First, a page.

Successful women's tendency to critique themselves instead of others opens them to different behavioral habits than men, who are more likely to accept recognition and deflect blame.
The only way to get what you're worth is to stand out, to exert emotional labor, to be seen as indispensable, and to produce interactions that organizations and people care deeply about.
The high prize of life, the crowning fortune of a man, is to be born with a bias to some pursuit which finds him in employment and happiness—whether it be to make baskets, or broadswords, or canals, or songs.
Women are most likely to be evaluated based on their contributions, while men are most likely to be evaluated based on their potential—nebulous criteria that can result in a less qualified man getting the job.
I have never succeeded very much in anything in which I was not very interested. If you can't somehow find yourself very interested in something, I don't think you'll succeed very much, even if you're fairly smart.
The trick to maximizing your talents and opportunities is not becoming a less thoughtful and giving person, but rather being purposeful and intentional about your choices while also addressing the behaviors that keep you stuck.
When I think about someone who is ambitious, I think about someone who does three things: They take credit for their own work and ideas; they step up when opportunities arise; and they proactively create opportunities for themselves.
In looking for someone to hire, you look for three qualities: integrity, intelligence, and energy. But the most important is integrity, because if they don't have that, the other two qualities, intelligence and energy, are going to kill you.
Never continue in a job you don't enjoy. If you're happy in what you're doing, you'll like yourself, you'll have inner peace. And if you have that, along with physical health, you will have had more success than you could possibly have imagined.
When you are creating opportunities, it's essential to find the key stakeholders and bring them along with you. Make them a part of the process. By making it clear that you are looking to collaborate instead of compete, you'll earn their trust and their respect.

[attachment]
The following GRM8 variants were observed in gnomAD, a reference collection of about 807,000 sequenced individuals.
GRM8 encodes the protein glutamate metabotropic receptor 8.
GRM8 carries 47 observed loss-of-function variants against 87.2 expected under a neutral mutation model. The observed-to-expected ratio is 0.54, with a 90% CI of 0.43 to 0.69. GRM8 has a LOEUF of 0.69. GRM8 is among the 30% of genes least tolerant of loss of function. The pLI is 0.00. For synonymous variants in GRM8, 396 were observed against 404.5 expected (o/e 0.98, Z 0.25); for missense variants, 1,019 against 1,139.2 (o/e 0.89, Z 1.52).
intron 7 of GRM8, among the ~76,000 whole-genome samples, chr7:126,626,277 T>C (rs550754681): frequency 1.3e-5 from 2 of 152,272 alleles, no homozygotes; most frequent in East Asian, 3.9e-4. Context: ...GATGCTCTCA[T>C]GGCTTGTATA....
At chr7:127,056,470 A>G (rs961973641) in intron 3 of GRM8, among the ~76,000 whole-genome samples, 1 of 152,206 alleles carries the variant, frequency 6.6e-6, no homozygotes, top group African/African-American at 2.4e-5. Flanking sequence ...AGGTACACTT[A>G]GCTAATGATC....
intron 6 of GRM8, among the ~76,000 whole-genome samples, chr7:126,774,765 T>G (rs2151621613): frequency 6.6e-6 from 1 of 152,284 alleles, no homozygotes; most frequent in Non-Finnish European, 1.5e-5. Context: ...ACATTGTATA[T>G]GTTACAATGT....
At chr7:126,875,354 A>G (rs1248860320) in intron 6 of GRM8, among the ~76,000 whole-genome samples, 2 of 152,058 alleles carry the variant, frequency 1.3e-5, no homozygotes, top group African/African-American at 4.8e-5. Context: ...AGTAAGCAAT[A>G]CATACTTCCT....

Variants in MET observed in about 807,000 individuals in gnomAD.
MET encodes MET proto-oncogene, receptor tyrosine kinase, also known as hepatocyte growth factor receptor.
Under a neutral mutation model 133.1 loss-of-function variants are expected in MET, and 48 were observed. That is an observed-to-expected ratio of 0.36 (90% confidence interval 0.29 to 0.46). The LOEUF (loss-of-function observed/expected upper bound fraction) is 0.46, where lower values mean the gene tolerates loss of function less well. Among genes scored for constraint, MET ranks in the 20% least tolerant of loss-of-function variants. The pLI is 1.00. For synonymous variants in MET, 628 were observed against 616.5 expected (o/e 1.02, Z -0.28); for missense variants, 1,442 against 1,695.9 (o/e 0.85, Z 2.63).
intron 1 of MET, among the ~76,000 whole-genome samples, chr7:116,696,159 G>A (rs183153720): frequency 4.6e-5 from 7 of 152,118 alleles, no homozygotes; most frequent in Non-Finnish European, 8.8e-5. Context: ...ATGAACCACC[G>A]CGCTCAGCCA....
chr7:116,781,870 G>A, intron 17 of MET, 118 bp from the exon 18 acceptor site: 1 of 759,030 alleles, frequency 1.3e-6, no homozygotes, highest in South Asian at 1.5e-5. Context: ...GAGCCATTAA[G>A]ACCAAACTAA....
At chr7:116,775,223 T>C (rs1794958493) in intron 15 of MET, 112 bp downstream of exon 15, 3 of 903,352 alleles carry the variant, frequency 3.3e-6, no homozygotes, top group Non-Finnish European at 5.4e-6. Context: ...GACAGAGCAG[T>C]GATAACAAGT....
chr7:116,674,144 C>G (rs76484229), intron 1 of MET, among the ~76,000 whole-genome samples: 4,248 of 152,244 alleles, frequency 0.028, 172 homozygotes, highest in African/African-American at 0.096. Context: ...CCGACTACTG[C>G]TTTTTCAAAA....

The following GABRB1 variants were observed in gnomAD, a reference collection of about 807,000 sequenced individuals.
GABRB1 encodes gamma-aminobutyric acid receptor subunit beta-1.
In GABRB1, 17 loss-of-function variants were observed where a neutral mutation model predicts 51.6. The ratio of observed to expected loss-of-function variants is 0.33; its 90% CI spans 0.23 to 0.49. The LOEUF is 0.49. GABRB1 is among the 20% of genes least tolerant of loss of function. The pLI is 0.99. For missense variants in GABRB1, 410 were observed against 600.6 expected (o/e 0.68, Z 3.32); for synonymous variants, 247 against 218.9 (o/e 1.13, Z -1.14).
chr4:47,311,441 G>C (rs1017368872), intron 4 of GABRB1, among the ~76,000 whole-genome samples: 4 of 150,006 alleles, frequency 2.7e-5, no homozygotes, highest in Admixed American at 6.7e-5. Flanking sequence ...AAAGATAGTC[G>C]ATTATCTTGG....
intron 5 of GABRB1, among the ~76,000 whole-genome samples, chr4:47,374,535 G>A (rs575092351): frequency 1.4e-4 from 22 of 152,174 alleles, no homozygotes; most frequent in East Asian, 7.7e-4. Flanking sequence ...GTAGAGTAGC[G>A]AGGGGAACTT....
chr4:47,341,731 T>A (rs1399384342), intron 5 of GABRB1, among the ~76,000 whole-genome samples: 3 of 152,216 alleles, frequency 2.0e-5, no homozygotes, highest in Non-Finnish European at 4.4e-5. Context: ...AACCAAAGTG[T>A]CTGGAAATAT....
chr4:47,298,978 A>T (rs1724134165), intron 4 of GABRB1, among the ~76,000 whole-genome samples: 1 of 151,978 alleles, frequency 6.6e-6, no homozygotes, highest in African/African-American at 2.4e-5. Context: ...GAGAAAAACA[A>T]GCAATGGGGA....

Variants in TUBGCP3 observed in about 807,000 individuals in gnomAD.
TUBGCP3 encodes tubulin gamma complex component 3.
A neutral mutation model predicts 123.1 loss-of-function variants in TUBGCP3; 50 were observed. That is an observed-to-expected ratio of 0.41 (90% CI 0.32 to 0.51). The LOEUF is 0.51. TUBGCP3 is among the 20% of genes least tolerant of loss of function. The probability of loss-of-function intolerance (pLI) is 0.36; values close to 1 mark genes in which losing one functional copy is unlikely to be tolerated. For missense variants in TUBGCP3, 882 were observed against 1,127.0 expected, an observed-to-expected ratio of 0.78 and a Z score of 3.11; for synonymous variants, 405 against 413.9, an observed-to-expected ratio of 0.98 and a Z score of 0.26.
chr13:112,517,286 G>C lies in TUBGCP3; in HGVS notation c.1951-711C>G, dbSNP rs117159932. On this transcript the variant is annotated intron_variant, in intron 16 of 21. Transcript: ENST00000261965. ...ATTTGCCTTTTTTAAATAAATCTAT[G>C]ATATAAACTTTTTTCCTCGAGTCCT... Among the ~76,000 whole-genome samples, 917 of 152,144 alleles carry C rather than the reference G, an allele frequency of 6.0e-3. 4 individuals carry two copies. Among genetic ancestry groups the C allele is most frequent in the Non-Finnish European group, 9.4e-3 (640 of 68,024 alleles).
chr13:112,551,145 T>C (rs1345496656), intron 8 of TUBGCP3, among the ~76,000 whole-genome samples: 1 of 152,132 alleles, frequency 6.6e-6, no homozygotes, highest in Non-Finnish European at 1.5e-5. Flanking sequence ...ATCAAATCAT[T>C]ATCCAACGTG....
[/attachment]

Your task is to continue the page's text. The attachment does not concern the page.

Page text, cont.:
The law of linchpin leverage: The more value you create in your job, the fewer clock minutes of labor you actually spend creating that value. In other words, most of the time, you're not being brilliant. Most of the time, you do stuff that ordinary people could do.
You've got to find what you love. And that is as true for your work as it is for your lovers. Your work is going to fill a large part of your life, and the only way to be truly satisfied is to do what you believe is great work. And the only way to do great work is to love what you do.... Don't settle.
There comes a time when you ought to start doing what you want. Take a job that you love. You will jump out of bed in the morning. I think you are out of your mind if you keep taking jobs that you don't like because you think that it will look good on your résumé. Isn't that a little like saving up sex for your old age?
Instead of viewing money and position as the sole or even chief markers of success, women also tend to place a high value on the quality of their lives at work and the impact of their contributions. Enjoying co-workers and clients, having some degree of control over their time, and believing that their work makes a positive difference in the world are key motivators for many successful women.
Your work is going to fill a large part of your life, and the only way to be truly satisfied is to do what you believe is great work. And the only way to do great work is to love what you do. If you haven't found it yet, keep looking. Don't settle. As with all matters of the heart, you'll know when you find it. And, like any great relationship, it just gets better and better as the years roll on. So keep looking until you find it. Don't settle.
Having a clear, concise statement ready to deliver at any moment—one that says what you do now but emphasizes what you want to do in the future and why you're qualified to do it—gives you a huge advantage in terms of visibility and positioning. It sets you apart from the pack and enables you to make the case for yourself at the highest level when the chance presents itself. In my experience, great careers are often built on chance encounters. So it always pays to be prepared.